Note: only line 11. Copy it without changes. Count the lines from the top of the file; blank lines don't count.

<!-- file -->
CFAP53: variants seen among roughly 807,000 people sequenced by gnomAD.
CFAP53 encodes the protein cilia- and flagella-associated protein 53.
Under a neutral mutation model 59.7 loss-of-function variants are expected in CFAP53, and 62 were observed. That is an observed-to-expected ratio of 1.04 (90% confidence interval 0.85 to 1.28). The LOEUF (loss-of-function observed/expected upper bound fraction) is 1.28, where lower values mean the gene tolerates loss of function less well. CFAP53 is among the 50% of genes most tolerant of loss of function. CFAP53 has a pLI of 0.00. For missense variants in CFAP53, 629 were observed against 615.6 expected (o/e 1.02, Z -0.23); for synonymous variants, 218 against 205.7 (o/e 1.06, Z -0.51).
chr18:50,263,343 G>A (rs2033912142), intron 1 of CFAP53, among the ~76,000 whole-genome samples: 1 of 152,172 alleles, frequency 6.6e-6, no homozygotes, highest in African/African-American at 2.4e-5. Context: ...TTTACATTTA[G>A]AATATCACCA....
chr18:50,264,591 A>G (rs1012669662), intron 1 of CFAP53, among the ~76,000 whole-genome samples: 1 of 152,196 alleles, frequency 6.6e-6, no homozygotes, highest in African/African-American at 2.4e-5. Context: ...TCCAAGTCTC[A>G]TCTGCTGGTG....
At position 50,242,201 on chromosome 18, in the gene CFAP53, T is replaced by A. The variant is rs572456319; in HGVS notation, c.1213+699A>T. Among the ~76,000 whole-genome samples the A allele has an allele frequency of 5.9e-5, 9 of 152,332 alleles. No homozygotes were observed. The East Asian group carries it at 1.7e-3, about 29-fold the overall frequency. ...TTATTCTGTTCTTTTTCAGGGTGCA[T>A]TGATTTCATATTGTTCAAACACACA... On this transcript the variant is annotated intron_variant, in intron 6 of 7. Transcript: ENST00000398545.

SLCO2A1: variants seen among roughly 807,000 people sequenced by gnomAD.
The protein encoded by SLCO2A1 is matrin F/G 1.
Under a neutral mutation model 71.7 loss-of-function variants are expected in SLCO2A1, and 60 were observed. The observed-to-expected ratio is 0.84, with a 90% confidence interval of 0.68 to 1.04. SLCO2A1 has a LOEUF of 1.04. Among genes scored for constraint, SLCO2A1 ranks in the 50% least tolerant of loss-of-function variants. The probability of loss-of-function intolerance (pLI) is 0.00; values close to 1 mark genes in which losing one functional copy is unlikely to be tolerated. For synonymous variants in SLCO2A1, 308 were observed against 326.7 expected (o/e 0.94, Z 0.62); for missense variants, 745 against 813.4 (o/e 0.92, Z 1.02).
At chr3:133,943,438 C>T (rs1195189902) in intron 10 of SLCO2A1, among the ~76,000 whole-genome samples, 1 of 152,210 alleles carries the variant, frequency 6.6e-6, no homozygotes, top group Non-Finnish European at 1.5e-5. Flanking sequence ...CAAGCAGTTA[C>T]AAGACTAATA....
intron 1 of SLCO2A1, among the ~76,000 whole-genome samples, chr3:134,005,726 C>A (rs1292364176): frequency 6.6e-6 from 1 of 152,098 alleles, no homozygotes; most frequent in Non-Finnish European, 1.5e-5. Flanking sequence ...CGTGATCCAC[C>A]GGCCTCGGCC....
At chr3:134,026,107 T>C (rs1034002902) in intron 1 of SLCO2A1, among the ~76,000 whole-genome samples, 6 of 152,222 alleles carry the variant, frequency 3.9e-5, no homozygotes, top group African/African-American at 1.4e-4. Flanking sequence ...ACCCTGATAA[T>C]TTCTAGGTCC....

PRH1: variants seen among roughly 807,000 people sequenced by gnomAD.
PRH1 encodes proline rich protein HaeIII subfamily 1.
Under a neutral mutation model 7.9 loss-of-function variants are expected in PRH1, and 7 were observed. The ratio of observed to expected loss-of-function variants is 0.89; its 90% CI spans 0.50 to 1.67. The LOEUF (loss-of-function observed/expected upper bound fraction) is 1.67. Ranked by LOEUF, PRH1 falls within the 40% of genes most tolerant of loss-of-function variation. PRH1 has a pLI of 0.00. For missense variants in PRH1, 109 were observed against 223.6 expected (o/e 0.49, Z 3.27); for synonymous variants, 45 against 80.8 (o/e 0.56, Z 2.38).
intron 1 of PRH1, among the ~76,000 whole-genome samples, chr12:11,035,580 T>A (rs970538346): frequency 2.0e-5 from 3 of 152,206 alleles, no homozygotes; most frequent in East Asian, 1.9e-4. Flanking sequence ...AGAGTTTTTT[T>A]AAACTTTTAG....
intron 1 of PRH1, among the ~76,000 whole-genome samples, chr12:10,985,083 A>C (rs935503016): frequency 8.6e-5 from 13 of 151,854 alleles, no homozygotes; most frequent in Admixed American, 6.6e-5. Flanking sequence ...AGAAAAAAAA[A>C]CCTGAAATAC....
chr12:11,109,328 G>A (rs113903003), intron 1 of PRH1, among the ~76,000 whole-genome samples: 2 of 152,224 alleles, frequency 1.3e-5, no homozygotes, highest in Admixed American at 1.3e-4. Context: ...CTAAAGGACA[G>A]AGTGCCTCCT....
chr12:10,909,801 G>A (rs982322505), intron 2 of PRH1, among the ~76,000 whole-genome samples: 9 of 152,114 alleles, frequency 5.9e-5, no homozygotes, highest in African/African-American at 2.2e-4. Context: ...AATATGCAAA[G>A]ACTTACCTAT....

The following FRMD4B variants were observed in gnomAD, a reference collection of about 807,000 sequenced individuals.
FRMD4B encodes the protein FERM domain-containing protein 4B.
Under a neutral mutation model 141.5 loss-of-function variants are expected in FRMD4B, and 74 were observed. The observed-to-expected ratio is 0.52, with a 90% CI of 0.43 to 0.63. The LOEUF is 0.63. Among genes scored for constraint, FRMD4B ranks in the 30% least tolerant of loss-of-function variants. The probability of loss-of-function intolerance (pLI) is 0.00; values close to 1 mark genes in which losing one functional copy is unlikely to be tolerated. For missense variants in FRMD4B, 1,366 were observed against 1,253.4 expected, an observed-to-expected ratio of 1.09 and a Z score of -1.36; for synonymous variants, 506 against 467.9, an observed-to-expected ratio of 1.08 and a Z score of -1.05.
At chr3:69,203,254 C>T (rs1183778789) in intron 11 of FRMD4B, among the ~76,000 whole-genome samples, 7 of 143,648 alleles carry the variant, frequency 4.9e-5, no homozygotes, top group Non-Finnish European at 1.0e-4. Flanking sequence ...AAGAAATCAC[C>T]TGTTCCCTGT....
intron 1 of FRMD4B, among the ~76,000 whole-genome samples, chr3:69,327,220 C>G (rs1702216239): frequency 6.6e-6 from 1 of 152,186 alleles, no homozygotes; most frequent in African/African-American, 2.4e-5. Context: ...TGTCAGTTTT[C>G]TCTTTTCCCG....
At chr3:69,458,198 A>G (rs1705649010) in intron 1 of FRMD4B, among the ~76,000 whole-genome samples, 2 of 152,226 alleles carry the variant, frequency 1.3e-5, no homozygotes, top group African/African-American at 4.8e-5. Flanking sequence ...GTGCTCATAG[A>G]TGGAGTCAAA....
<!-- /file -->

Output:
intron 1 of SLCO2A1, among the ~76,000 whole-genome samples, chr3:134,005,726 C>A (rs1292364176): frequency 6.6e-6 from 1 of 152,098 alleles, no homozygotes; most frequent in Non-Finnish European, 1.5e-5. Flanking sequence ...CGTGATCCAC[C>A]GGCCTCGGCC....